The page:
There was no Stock Exchange at Nineveh, with exciting lists of Egyptian bonds and Babylonian scrip, to develop that genius for finance latent in the Hebrew race; but they doubtless devised ingenious methods of spoiling the Assyrians, and thus promptly attained conditions of prosperity and affluence which rendered them quite as unwilling to return to Palestine as modern Hebrews, who obviously prefer the Gentile attractions of Vienna, Berlin, Paris, and London, to even the milk and honey of the Holy Land.
THE KINGDOM OF JUDAH.
The fall of the kingdom of Israel having secured for the survivors a happy escape, as Assyrian colonists, from Hebrew anarchy, the less fortunate kingdom of Judah had to endure, for a longer period, the calamities inseparable from fanatical reliance on the supernatural, and in her fall to transmit to a doomed remnant of the Hebrew race the fatal superstition which has set them apart for centuries as defenceless minorities among alien communities, whose inconsistent theologians have adopted a Jew as their Deity, whilst persecuting or ostracising the Hebrew race.
Although the dynasty of David retained dominion in Judah, the rule of even the most virtuous kings did not exempt the Jews from the denunciation of prophets or the judgments of God. Hezekiah excelled all the other kings of Judah in piety, and yet, during his reign, the kingdom twice suffered the devastations of foreign invasion, and he himself was divinely condemned to premature death, when only forty years old. The desire of the prophets and the will of the Deity had been fulfilled in the reign of a great religious reformer, who extirpated idolatry and restored the national worship, and yet Judah was to be plunged into social and political anarchy by cutting off the dynasty of David, through the premature death of a childless king.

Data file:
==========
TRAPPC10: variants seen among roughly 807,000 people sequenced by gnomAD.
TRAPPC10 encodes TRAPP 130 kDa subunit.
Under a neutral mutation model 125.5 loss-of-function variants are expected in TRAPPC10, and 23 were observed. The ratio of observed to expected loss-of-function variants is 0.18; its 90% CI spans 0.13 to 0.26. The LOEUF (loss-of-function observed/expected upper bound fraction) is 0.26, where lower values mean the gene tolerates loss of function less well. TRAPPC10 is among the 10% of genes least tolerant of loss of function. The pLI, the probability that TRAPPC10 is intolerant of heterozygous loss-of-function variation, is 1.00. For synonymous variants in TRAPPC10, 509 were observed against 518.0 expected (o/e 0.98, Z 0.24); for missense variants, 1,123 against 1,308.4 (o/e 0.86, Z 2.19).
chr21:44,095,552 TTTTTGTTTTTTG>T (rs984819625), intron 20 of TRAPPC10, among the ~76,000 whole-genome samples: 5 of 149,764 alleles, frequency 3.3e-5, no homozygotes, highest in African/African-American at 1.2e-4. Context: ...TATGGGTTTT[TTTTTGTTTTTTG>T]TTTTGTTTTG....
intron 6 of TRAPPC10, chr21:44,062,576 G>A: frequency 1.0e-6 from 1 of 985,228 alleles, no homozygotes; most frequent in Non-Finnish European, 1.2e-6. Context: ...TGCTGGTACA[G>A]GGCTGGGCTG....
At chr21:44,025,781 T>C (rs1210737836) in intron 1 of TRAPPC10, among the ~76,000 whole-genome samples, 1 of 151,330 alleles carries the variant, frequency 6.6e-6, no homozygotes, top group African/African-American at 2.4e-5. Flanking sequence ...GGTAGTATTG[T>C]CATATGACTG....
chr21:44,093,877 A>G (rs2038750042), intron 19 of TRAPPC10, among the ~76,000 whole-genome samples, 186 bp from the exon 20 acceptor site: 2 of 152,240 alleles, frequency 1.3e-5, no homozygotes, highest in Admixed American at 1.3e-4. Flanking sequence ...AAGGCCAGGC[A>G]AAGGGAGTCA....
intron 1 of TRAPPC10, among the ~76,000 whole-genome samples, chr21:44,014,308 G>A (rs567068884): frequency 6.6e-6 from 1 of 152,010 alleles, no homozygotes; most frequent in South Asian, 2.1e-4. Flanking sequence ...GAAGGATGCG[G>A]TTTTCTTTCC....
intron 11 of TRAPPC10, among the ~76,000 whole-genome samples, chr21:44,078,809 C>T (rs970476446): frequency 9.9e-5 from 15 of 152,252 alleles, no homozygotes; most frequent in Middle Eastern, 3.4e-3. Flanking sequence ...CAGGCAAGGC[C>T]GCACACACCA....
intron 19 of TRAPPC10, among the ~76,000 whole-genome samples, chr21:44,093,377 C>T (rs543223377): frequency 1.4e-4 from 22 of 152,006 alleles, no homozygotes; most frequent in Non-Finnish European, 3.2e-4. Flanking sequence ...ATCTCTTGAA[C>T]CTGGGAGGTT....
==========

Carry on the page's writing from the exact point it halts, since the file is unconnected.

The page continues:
Hezekiah, who had no hope beyond the grave, succeeded, however, in changing the divine purpose through prayer, and thus obtained a respite from death of fifteen years, during which period an heir to the throne was born. The Gospel according to Matthew traces the descent of Jesus through this son of Hezekiah. If, therefore, the divine decree had not been annulled, Jesus would never have been born, and modern communities would now be found worshipping some other Deity.
The predestined death of Hezekiah occurred when he was only fifty-six : he was, therefore, succeeded by a boy of twelve, who, deprived of paternal guardianship, grew up to restore idolatry, sacrifice human victims, and massacre his subjects. Thus revelation depicts the special dispensations of Providence among the Chosen Race.
The Hebrew annalist assures us that, in consequence of the extreme wickedness of Manasseh, the nation was condemned to final destruction, but the judgment had been already pronounced by Isaiah in the previous reign, because Hezekiah had shown the national treasures to the ambassadors of the king of Babylon. For this simple act of courtesy Jehovah decreed the Babylonian captivity. Apologists tell us that Hezekiah was guilty of vanity; but what would become of individuals and nations if divinely punished because their rulers are merely human?
As the condemnation of a people for the venial offence of a ruler is irreconcilable with our conceptions of the Hebrew bard, whose sublimity commands the admiration of posterity, let us compare the alleged facts 1 2 Kings xxi.
? 2 Kings xx. 12-19.